Impact of Antibiotics on the Intestinal Microbiota and on the Treatment of Shiga-toxin-Producing Escherichia coli and Salmonella Infections
Roberto La Ragione,
This review evaluates the current literature based on the impact of antibiotics on the intestinal microbiota and the critical role
of intestinal bacteria in controlling infection and subsequent clinical disease caused by STEC and Salmonella, and the transmissibility of
these important pathogens.A number of studies have indicated that antibiotic therapy could result in unexpected changes in the clinical
picture of disease. This is observed, for example, in the case of infections associated with Shiga-toxin-producing Escherichia coli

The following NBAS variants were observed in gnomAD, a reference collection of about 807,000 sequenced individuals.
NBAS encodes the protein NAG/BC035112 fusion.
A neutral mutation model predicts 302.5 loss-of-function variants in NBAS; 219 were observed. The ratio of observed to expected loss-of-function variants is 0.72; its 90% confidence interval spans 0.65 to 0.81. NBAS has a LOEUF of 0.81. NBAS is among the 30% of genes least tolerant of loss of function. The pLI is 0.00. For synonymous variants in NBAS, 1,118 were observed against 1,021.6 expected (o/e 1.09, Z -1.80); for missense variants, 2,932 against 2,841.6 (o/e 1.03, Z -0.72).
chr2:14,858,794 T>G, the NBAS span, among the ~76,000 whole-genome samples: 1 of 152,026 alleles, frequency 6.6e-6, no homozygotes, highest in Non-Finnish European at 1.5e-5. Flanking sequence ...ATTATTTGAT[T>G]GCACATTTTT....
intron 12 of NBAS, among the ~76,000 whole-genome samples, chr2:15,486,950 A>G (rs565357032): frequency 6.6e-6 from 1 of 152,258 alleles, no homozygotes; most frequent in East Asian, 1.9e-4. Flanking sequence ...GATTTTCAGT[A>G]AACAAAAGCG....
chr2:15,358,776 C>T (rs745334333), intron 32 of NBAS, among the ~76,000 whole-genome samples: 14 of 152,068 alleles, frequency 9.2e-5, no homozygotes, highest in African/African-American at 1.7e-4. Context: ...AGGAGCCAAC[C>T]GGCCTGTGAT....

(STEC), when antibiotics used in treatment of the disease may increase the risk of hemolytic uremic syndrome (HUS) and thus fatal outcomes.
In the case of such infections, treatment with antibiotics is usually discouraged. The use of antibiotics could cause also undesirable
changes in the intestinal microbial flora and prolonged pathogen shedding, which is observed in the case of Salmonella infections.
Inappropriate antibiotic therapy can result in Salmonella remaining in the host’s cells (intracellular) and thus resulting in further asymptomatic
carriage and a further complication is the development of resistance.
Keywords: Escherichia coli, EHEC, STEC, HUS, Salmonella, antibiotics, side effect, microbiota, asymptomatic carriage.
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